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Old 07-12-2018, 03:56 PM   #8
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That is the way to do it.
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Old 07-12-2018, 04:17 PM   #9
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I am guessing the “washer” qualified in the drawing refers to butyl tape or...?
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Old 07-12-2018, 04:22 PM   #10
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Quote:
Originally Posted by Civilitas View Post
I am guessing the ďwasherĒ qualified in the drawing refers to butyl tape or...?
Yes - your sealer of choice.
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Old 07-12-2018, 05:19 PM   #11
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Buytl tape is the way to go if you are through bolting.
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Old 07-12-2018, 05:41 PM   #12
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Yup butyl tape.
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Old 07-12-2018, 07:47 PM   #13
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A lot of people love butyl tape. I hate it, and use 3M 4000 UV instead.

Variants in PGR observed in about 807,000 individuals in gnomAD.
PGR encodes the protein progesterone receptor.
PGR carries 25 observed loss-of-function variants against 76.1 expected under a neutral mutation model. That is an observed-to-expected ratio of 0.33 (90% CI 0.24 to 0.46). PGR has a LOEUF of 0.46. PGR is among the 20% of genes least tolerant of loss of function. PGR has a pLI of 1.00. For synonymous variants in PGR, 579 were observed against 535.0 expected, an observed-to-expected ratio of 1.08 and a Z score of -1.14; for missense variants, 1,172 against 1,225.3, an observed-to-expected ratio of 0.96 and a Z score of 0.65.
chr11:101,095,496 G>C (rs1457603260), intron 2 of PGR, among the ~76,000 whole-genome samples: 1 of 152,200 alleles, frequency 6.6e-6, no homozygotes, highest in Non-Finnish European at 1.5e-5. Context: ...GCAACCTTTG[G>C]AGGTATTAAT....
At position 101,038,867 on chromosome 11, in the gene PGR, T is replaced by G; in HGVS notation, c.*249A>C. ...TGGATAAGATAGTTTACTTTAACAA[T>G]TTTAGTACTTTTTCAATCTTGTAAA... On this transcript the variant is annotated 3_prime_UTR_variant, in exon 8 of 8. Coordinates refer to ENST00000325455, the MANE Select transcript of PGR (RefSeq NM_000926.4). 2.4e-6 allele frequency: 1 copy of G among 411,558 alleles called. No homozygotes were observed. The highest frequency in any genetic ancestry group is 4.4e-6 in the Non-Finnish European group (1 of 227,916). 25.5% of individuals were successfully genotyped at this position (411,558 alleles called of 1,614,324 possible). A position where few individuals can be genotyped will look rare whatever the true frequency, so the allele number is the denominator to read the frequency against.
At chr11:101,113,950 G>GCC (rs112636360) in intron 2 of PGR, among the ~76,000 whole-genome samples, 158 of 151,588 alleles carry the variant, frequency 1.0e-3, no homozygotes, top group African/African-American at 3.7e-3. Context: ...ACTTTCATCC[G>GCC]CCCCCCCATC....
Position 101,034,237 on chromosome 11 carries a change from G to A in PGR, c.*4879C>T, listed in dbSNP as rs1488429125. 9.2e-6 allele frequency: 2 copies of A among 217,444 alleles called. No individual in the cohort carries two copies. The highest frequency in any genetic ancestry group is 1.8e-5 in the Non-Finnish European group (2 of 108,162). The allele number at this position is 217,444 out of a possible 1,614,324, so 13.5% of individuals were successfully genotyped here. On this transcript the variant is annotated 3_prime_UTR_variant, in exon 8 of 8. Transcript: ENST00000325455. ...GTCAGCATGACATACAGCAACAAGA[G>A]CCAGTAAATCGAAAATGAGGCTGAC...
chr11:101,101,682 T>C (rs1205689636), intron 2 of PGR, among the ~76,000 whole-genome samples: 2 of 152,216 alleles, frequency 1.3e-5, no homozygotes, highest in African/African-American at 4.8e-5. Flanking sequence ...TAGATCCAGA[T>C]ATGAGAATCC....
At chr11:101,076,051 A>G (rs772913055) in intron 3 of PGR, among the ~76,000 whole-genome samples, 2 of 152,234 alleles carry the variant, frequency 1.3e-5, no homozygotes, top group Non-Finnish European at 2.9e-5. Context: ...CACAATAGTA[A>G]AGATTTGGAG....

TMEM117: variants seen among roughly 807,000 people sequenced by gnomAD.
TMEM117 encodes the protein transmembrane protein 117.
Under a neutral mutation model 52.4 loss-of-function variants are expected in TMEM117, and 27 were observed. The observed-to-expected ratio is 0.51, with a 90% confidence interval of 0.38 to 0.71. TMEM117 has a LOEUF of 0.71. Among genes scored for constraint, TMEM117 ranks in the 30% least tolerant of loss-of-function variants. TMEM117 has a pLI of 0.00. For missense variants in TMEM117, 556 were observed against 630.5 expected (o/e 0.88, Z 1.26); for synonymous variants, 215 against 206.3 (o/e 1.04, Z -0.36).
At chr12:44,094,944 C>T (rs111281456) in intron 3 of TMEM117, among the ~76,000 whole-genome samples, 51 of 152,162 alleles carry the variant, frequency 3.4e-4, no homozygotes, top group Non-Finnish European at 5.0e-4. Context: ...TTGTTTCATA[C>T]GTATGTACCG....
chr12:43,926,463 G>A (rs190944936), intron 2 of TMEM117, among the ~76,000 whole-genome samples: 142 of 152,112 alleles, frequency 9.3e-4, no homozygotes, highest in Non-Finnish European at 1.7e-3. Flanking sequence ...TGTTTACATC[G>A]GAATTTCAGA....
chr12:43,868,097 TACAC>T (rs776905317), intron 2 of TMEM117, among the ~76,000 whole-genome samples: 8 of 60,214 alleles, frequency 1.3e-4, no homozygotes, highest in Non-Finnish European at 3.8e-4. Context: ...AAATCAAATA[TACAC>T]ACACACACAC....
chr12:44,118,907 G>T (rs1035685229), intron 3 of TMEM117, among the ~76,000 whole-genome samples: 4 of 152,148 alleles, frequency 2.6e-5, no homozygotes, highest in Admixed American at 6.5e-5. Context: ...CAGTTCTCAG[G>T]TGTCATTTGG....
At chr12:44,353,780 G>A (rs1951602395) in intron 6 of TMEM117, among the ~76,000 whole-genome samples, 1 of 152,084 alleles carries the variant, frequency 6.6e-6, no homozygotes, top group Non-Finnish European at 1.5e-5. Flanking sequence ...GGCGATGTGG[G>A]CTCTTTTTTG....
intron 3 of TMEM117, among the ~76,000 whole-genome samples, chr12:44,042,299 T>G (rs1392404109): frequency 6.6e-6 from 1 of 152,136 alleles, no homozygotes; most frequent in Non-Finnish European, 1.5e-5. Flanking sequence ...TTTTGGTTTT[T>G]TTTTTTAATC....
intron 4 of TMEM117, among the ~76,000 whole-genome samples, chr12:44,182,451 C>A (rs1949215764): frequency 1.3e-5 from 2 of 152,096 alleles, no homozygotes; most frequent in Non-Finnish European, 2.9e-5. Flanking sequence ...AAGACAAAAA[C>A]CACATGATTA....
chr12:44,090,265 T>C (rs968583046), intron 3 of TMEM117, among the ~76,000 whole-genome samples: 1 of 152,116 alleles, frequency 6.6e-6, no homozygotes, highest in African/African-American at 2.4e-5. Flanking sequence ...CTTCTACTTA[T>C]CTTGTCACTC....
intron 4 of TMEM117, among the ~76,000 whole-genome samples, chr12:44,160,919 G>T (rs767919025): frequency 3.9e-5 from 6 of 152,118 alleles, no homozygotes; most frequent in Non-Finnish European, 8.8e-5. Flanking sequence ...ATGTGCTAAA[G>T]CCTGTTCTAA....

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Old 07-14-2018, 06:16 AM   #14
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+1 for Butyl tape...
I've used the Compass Marine stuff as well as others and do like the one CM sells much better.
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Old 07-14-2018, 09:44 AM   #15
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Another vote for butyl tape and Compass Marine. It remains soft tacky and flexible and I think that those are great qualities for a bonding/waterproofing agent. Especially on a sailboat where stresses and twisting can come from any and all directions. My brother uses it on his sailboat. He replaced 12 portlights and used butyl tape and has never had any issues. I have resealed my Pilothouse hatches and center windshield panel with it and could not be happier.
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Old 07-14-2018, 10:36 AM   #16
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Iíve been using butyl tape for a while now on several boats. I think it is great to use when you want a sealant in an application where you donít need/want an adhesive.